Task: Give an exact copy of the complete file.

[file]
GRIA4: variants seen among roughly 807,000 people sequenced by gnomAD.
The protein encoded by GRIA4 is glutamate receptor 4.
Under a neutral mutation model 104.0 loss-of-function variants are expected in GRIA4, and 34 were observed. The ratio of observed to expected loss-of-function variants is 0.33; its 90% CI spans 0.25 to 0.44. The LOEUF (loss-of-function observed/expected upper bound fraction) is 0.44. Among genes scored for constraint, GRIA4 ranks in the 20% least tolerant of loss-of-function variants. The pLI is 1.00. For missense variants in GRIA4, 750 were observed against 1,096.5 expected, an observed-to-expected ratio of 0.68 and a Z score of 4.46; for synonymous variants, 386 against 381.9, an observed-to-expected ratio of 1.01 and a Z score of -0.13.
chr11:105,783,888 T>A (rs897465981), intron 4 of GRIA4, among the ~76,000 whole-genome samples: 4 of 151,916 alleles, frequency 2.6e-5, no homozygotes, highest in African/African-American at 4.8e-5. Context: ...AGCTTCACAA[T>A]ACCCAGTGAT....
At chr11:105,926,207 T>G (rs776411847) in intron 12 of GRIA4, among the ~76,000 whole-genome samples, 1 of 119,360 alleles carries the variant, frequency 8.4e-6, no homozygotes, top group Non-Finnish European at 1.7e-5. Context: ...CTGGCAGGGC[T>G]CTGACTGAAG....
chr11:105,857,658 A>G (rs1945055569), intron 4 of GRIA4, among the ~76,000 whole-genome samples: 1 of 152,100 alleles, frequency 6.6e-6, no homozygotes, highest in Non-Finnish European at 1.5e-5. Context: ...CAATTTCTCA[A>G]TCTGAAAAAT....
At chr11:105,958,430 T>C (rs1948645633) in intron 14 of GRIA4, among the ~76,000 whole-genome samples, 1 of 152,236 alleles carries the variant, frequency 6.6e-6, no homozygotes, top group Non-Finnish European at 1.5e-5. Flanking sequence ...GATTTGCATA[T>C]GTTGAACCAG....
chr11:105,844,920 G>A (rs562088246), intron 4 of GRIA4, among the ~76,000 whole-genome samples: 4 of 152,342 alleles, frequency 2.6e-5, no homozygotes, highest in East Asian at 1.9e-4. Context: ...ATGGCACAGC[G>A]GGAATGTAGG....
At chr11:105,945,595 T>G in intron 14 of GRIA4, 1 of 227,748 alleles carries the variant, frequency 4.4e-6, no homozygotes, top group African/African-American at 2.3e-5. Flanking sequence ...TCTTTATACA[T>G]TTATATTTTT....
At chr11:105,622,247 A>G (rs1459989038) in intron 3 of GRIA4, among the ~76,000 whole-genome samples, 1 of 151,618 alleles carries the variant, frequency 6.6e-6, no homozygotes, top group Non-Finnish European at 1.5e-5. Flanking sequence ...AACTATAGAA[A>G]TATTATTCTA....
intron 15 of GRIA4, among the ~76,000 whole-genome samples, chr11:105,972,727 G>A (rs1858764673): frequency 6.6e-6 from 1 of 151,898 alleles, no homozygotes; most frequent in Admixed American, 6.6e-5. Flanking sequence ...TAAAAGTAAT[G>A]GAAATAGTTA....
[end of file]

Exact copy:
GRIA4: variants seen among roughly 807,000 people sequenced by gnomAD.
The protein encoded by GRIA4 is glutamate receptor 4.
Under a neutral mutation model 104.0 loss-of-function variants are expected in GRIA4, and 34 were observed. The ratio of observed to expected loss-of-function variants is 0.33; its 90% CI spans 0.25 to 0.44. The LOEUF (loss-of-function observed/expected upper bound fraction) is 0.44. Among genes scored for constraint, GRIA4 ranks in the 20% least tolerant of loss-of-function variants. The pLI is 1.00. For missense variants in GRIA4, 750 were observed against 1,096.5 expected, an observed-to-expected ratio of 0.68 and a Z score of 4.46; for synonymous variants, 386 against 381.9, an observed-to-expected ratio of 1.01 and a Z score of -0.13.
chr11:105,783,888 T>A (rs897465981), intron 4 of GRIA4, among the ~76,000 whole-genome samples: 4 of 151,916 alleles, frequency 2.6e-5, no homozygotes, highest in African/African-American at 4.8e-5. Context: ...AGCTTCACAA[T>A]ACCCAGTGAT....
At chr11:105,926,207 T>G (rs776411847) in intron 12 of GRIA4, among the ~76,000 whole-genome samples, 1 of 119,360 alleles carries the variant, frequency 8.4e-6, no homozygotes, top group Non-Finnish European at 1.7e-5. Context: ...CTGGCAGGGC[T>G]CTGACTGAAG....
chr11:105,857,658 A>G (rs1945055569), intron 4 of GRIA4, among the ~76,000 whole-genome samples: 1 of 152,100 alleles, frequency 6.6e-6, no homozygotes, highest in Non-Finnish European at 1.5e-5. Context: ...CAATTTCTCA[A>G]TCTGAAAAAT....
At chr11:105,958,430 T>C (rs1948645633) in intron 14 of GRIA4, among the ~76,000 whole-genome samples, 1 of 152,236 alleles carries the variant, frequency 6.6e-6, no homozygotes, top group Non-Finnish European at 1.5e-5. Flanking sequence ...GATTTGCATA[T>C]GTTGAACCAG....
chr11:105,844,920 G>A (rs562088246), intron 4 of GRIA4, among the ~76,000 whole-genome samples: 4 of 152,342 alleles, frequency 2.6e-5, no homozygotes, highest in East Asian at 1.9e-4. Context: ...ATGGCACAGC[G>A]GGAATGTAGG....
At chr11:105,945,595 T>G in intron 14 of GRIA4, 1 of 227,748 alleles carries the variant, frequency 4.4e-6, no homozygotes, top group African/African-American at 2.3e-5. Flanking sequence ...TCTTTATACA[T>G]TTATATTTTT....
At chr11:105,622,247 A>G (rs1459989038) in intron 3 of GRIA4, among the ~76,000 whole-genome samples, 1 of 151,618 alleles carries the variant, frequency 6.6e-6, no homozygotes, top group Non-Finnish European at 1.5e-5. Flanking sequence ...AACTATAGAA[A>G]TATTATTCTA....
intron 15 of GRIA4, among the ~76,000 whole-genome samples, chr11:105,972,727 G>A (rs1858764673): frequency 6.6e-6 from 1 of 151,898 alleles, no homozygotes; most frequent in Admixed American, 6.6e-5. Flanking sequence ...TAAAAGTAAT[G>A]GAAATAGTTA....